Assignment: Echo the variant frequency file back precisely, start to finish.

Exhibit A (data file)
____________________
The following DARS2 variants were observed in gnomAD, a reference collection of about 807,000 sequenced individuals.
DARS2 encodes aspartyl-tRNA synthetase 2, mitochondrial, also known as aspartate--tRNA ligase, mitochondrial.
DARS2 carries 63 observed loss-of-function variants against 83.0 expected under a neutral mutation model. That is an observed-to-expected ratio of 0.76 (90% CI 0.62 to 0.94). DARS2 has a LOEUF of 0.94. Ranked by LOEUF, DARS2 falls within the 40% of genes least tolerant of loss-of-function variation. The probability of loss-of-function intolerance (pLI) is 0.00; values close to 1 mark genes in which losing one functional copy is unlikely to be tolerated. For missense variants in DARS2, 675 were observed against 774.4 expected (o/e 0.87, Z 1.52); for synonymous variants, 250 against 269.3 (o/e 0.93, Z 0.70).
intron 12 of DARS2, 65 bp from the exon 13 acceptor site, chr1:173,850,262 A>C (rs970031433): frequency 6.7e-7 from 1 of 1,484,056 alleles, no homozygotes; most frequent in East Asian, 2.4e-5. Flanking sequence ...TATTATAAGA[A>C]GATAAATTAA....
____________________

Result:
The following DARS2 variants were observed in gnomAD, a reference collection of about 807,000 sequenced individuals.
DARS2 encodes aspartyl-tRNA synthetase 2, mitochondrial, also known as aspartate--tRNA ligase, mitochondrial.
DARS2 carries 63 observed loss-of-function variants against 83.0 expected under a neutral mutation model. That is an observed-to-expected ratio of 0.76 (90% CI 0.62 to 0.94). DARS2 has a LOEUF of 0.94. Ranked by LOEUF, DARS2 falls within the 40% of genes least tolerant of loss-of-function variation. The probability of loss-of-function intolerance (pLI) is 0.00; values close to 1 mark genes in which losing one functional copy is unlikely to be tolerated. For missense variants in DARS2, 675 were observed against 774.4 expected (o/e 0.87, Z 1.52); for synonymous variants, 250 against 269.3 (o/e 0.93, Z 0.70).
intron 12 of DARS2, 65 bp from the exon 13 acceptor site, chr1:173,850,262 A>C (rs970031433): frequency 6.7e-7 from 1 of 1,484,056 alleles, no homozygotes; most frequent in East Asian, 2.4e-5. Flanking sequence ...TATTATAAGA[A>C]GATAAATTAA....